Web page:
Comprehensive understanding of atrial septal defects by imaging studies for successful transcatheter closure.

Song J - Korean J Pediatr (2014)

Images of balloon sizing (A) and successful device implantation (B) from intracardiac echocardiography during transcatheter closure of an atrial septal defect (ASD). The balloon occlusive diameter (two-way arrow) was 14 mm (A) and a 16-mm Amplatzer septal occluder (arrow) was positioned appropriately on the ASD (B). LA, left atrium; RA, right atrium.
© Copyright Policy - open-access
Related In: Results  -  Collection

License
Show All Figures
getmorefigures.php?uid=PMC4127391&req=5

Figure 7: Images of balloon sizing (A) and successful device implantation (B) from intracardiac echocardiography during transcatheter closure of an atrial septal defect (ASD). The balloon occlusive diameter (two-way arrow) was 14 mm (A) and a 16-mm Amplatzer septal occluder (arrow) was positioned appropriately on the ASD (B). LA, left atrium; RA, right atrium.
Mentions: Echocardiography can be used for monitoring during ASD catheter closure. In most cases, 2D TEE or intracardiac echocardiography (ICE) has been used during the procedure even though TTE can be used in some cases. The efficacy and safety of ICE have been demonstrated32,33,34) (Fig. 7). Although it necessitates other venous access and a biplane image is not obtainable, ICE can be conveniently used by the same operator simultaneously. In particular, ICE provides a more accurate image of the posterior-inferior rim that is superior to a TEE image. An accurate size evaluation for adequate device size selection during the procedure can be performed by ICE. Rigatelli et al.35) reported their experience with ICE during ASD device closure, achieving a good outcome even without the use of balloon sizing methods.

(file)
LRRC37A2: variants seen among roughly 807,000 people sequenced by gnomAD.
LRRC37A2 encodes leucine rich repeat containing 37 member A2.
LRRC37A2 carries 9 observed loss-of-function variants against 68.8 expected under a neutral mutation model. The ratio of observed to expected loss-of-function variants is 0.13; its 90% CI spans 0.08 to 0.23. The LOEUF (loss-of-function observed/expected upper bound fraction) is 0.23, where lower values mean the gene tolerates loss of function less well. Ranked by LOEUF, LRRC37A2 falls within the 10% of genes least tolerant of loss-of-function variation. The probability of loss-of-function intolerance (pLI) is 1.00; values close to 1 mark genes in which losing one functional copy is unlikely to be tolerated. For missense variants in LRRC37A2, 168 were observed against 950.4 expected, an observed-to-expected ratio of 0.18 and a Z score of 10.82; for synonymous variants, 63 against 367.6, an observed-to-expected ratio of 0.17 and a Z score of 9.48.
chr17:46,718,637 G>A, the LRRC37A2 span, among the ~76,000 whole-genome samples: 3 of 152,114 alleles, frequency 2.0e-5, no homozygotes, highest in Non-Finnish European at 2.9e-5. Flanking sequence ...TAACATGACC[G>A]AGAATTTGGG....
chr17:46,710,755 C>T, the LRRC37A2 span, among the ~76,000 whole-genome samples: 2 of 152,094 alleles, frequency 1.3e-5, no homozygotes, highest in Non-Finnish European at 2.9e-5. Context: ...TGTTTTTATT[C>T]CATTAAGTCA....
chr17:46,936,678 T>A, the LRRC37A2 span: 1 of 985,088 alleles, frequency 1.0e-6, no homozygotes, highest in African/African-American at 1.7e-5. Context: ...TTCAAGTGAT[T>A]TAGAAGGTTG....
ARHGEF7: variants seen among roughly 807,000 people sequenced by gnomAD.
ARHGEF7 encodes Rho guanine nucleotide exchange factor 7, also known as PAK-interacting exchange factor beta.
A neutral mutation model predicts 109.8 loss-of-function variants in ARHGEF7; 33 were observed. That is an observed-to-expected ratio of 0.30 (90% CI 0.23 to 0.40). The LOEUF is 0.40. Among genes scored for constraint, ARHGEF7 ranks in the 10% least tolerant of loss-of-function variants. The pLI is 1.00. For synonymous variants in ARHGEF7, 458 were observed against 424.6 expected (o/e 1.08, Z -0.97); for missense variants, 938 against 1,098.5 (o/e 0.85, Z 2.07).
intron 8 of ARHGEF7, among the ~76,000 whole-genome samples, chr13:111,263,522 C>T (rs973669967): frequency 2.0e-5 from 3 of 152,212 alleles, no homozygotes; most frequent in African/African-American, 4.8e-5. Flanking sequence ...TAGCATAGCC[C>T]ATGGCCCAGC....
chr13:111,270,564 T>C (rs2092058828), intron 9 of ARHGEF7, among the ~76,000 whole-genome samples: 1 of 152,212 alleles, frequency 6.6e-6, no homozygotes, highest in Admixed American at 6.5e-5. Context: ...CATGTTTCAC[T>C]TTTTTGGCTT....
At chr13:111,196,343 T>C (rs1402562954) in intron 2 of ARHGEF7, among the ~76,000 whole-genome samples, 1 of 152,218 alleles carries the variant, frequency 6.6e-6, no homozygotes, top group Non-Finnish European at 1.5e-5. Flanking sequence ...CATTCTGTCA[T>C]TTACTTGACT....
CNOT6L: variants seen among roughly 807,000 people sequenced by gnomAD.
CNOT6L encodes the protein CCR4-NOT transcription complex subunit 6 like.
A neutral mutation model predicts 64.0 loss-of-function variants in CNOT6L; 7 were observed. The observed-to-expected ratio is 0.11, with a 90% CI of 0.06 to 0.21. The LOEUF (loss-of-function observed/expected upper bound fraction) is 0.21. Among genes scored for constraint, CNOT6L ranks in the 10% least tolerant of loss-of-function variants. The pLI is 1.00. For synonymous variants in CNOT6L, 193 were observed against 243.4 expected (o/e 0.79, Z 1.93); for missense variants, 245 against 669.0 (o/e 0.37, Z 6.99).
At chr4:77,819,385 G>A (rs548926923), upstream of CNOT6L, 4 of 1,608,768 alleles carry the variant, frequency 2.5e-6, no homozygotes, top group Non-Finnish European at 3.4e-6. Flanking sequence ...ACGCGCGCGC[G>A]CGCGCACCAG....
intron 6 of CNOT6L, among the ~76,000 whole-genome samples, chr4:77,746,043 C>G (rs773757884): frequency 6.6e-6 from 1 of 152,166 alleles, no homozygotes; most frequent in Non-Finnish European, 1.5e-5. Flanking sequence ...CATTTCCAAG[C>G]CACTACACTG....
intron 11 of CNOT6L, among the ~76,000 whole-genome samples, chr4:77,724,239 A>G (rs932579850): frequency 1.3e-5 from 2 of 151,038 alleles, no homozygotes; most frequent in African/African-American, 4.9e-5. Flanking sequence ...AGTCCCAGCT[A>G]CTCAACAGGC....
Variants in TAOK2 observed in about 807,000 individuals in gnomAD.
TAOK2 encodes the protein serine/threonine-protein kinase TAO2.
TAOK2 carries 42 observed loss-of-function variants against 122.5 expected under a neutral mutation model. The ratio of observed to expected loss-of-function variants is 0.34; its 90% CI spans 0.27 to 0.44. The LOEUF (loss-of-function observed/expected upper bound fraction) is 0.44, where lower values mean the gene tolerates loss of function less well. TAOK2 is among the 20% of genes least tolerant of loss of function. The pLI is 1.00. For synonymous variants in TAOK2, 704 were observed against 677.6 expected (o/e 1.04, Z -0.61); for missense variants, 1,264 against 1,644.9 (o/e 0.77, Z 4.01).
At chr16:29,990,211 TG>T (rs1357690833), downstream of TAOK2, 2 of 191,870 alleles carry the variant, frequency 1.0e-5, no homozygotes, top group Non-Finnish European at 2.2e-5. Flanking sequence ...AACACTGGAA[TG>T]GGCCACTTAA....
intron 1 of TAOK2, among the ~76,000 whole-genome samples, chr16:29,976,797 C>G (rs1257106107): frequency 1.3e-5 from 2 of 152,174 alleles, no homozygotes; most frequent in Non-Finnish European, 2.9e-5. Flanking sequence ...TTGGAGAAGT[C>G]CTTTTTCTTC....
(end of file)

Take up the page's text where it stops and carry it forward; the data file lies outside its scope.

Bottom Line: Both the anatomy and morphology of the defect should be precisely evaluated before the procedure.Three-dimensional (3D) echocardiography and cardiac computed tomography are helpful for understanding the morphology of a defect, which is important because different defect morphologies could variously impact the results.During the procedure, real-time 3D echocardiography can be used to guide an accurate closure.

View Article: PubMed Central - PubMed

Affiliation: Department of Pediatrics, Samsung Medical Center, Sungkyunkwan University School of Medicine, Seoul, Korea.

ABSTRACT
Transcatheter closure of atrial septal defects has become a popular procedure. The availability of a preprocedural imaging study is crucial for a safe and successful closure. Both the anatomy and morphology of the defect should be precisely evaluated before the procedure. Three-dimensional (3D) echocardiography and cardiac computed tomography are helpful for understanding the morphology of a defect, which is important because different defect morphologies could variously impact the results. During the procedure, real-time 3D echocardiography can be used to guide an accurate closure. The safety and efficiency of transcatheter closures of atrial septal defects could be improved through the use of detailed imaging studies.

No MeSH data available.


Related in: MedlinePlus